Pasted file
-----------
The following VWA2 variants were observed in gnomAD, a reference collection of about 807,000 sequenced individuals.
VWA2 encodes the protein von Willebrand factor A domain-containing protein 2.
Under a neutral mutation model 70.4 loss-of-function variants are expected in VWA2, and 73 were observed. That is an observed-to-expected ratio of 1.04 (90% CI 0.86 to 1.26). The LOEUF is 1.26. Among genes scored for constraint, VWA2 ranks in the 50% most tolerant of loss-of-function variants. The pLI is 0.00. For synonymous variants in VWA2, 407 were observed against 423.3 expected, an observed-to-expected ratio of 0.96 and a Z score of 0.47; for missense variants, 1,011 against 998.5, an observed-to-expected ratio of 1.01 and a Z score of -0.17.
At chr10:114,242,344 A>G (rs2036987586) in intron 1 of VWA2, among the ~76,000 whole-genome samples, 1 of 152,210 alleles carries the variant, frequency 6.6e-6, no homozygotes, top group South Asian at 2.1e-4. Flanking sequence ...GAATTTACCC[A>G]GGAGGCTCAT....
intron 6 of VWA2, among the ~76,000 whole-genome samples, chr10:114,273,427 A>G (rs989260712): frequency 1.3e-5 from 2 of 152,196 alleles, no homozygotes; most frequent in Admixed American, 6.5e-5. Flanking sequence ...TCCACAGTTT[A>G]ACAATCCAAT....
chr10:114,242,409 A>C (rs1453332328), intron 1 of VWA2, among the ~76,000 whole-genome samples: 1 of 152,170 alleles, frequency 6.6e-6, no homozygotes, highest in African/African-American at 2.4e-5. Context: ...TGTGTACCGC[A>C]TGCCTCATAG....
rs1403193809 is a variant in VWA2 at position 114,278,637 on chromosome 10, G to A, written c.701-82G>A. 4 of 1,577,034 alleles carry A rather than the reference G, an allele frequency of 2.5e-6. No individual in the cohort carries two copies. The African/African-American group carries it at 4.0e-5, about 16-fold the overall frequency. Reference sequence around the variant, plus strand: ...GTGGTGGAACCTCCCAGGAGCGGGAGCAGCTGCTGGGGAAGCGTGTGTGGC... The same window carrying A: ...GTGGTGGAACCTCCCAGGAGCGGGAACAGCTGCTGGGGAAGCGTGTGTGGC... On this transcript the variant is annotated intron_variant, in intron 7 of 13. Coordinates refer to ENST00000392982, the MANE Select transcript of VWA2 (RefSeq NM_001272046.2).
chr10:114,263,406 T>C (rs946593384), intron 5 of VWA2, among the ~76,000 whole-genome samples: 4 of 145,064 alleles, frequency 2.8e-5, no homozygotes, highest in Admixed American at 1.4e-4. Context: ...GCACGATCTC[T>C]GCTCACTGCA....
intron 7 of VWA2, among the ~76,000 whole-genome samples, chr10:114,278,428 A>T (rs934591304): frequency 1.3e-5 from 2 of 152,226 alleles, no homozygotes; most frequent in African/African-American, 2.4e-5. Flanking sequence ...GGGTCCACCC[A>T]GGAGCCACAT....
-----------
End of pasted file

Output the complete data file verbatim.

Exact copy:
The following VWA2 variants were observed in gnomAD, a reference collection of about 807,000 sequenced individuals.
VWA2 encodes the protein von Willebrand factor A domain-containing protein 2.
Under a neutral mutation model 70.4 loss-of-function variants are expected in VWA2, and 73 were observed. That is an observed-to-expected ratio of 1.04 (90% CI 0.86 to 1.26). The LOEUF is 1.26. Among genes scored for constraint, VWA2 ranks in the 50% most tolerant of loss-of-function variants. The pLI is 0.00. For synonymous variants in VWA2, 407 were observed against 423.3 expected, an observed-to-expected ratio of 0.96 and a Z score of 0.47; for missense variants, 1,011 against 998.5, an observed-to-expected ratio of 1.01 and a Z score of -0.17.
At chr10:114,242,344 A>G (rs2036987586) in intron 1 of VWA2, among the ~76,000 whole-genome samples, 1 of 152,210 alleles carries the variant, frequency 6.6e-6, no homozygotes, top group South Asian at 2.1e-4. Flanking sequence ...GAATTTACCC[A>G]GGAGGCTCAT....
intron 6 of VWA2, among the ~76,000 whole-genome samples, chr10:114,273,427 A>G (rs989260712): frequency 1.3e-5 from 2 of 152,196 alleles, no homozygotes; most frequent in Admixed American, 6.5e-5. Flanking sequence ...TCCACAGTTT[A>G]ACAATCCAAT....
chr10:114,242,409 A>C (rs1453332328), intron 1 of VWA2, among the ~76,000 whole-genome samples: 1 of 152,170 alleles, frequency 6.6e-6, no homozygotes, highest in African/African-American at 2.4e-5. Context: ...TGTGTACCGC[A>C]TGCCTCATAG....
rs1403193809 is a variant in VWA2 at position 114,278,637 on chromosome 10, G to A, written c.701-82G>A. 4 of 1,577,034 alleles carry A rather than the reference G, an allele frequency of 2.5e-6. No individual in the cohort carries two copies. The African/African-American group carries it at 4.0e-5, about 16-fold the overall frequency. Reference sequence around the variant, plus strand: ...GTGGTGGAACCTCCCAGGAGCGGGAGCAGCTGCTGGGGAAGCGTGTGTGGC... The same window carrying A: ...GTGGTGGAACCTCCCAGGAGCGGGAACAGCTGCTGGGGAAGCGTGTGTGGC... On this transcript the variant is annotated intron_variant, in intron 7 of 13. Coordinates refer to ENST00000392982, the MANE Select transcript of VWA2 (RefSeq NM_001272046.2).
chr10:114,263,406 T>C (rs946593384), intron 5 of VWA2, among the ~76,000 whole-genome samples: 4 of 145,064 alleles, frequency 2.8e-5, no homozygotes, highest in Admixed American at 1.4e-4. Context: ...GCACGATCTC[T>C]GCTCACTGCA....
intron 7 of VWA2, among the ~76,000 whole-genome samples, chr10:114,278,428 A>T (rs934591304): frequency 1.3e-5 from 2 of 152,226 alleles, no homozygotes; most frequent in African/African-American, 2.4e-5. Flanking sequence ...GGGTCCACCC[A>T]GGAGCCACAT....